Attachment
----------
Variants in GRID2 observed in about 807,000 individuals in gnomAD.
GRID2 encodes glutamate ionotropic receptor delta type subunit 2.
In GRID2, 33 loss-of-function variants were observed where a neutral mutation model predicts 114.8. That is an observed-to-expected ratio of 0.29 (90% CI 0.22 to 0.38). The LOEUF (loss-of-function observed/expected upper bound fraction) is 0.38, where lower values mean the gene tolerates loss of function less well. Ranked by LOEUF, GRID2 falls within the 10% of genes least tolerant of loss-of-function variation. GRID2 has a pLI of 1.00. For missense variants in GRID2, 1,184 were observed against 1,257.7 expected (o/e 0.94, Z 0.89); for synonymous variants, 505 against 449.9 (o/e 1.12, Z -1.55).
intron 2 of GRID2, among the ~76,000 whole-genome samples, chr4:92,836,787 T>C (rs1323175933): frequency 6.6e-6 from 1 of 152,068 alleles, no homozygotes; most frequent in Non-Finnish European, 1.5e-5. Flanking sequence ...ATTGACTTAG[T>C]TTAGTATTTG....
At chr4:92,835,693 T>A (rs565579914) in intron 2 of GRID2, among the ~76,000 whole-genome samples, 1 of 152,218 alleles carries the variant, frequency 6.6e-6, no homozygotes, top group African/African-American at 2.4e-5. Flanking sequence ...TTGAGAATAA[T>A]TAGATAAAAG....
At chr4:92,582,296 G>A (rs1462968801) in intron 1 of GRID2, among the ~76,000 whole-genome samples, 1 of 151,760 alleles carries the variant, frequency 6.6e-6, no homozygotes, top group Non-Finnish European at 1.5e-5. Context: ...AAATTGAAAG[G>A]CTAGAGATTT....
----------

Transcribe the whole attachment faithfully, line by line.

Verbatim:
Variants in GRID2 observed in about 807,000 individuals in gnomAD.
GRID2 encodes glutamate ionotropic receptor delta type subunit 2.
In GRID2, 33 loss-of-function variants were observed where a neutral mutation model predicts 114.8. That is an observed-to-expected ratio of 0.29 (90% CI 0.22 to 0.38). The LOEUF (loss-of-function observed/expected upper bound fraction) is 0.38, where lower values mean the gene tolerates loss of function less well. Ranked by LOEUF, GRID2 falls within the 10% of genes least tolerant of loss-of-function variation. GRID2 has a pLI of 1.00. For missense variants in GRID2, 1,184 were observed against 1,257.7 expected (o/e 0.94, Z 0.89); for synonymous variants, 505 against 449.9 (o/e 1.12, Z -1.55).
intron 2 of GRID2, among the ~76,000 whole-genome samples, chr4:92,836,787 T>C (rs1323175933): frequency 6.6e-6 from 1 of 152,068 alleles, no homozygotes; most frequent in Non-Finnish European, 1.5e-5. Flanking sequence ...ATTGACTTAG[T>C]TTAGTATTTG....
At chr4:92,835,693 T>A (rs565579914) in intron 2 of GRID2, among the ~76,000 whole-genome samples, 1 of 152,218 alleles carries the variant, frequency 6.6e-6, no homozygotes, top group African/African-American at 2.4e-5. Flanking sequence ...TTGAGAATAA[T>A]TAGATAAAAG....
At chr4:92,582,296 G>A (rs1462968801) in intron 1 of GRID2, among the ~76,000 whole-genome samples, 1 of 151,760 alleles carries the variant, frequency 6.6e-6, no homozygotes, top group Non-Finnish European at 1.5e-5. Context: ...AAATTGAAAG[G>A]CTAGAGATTT....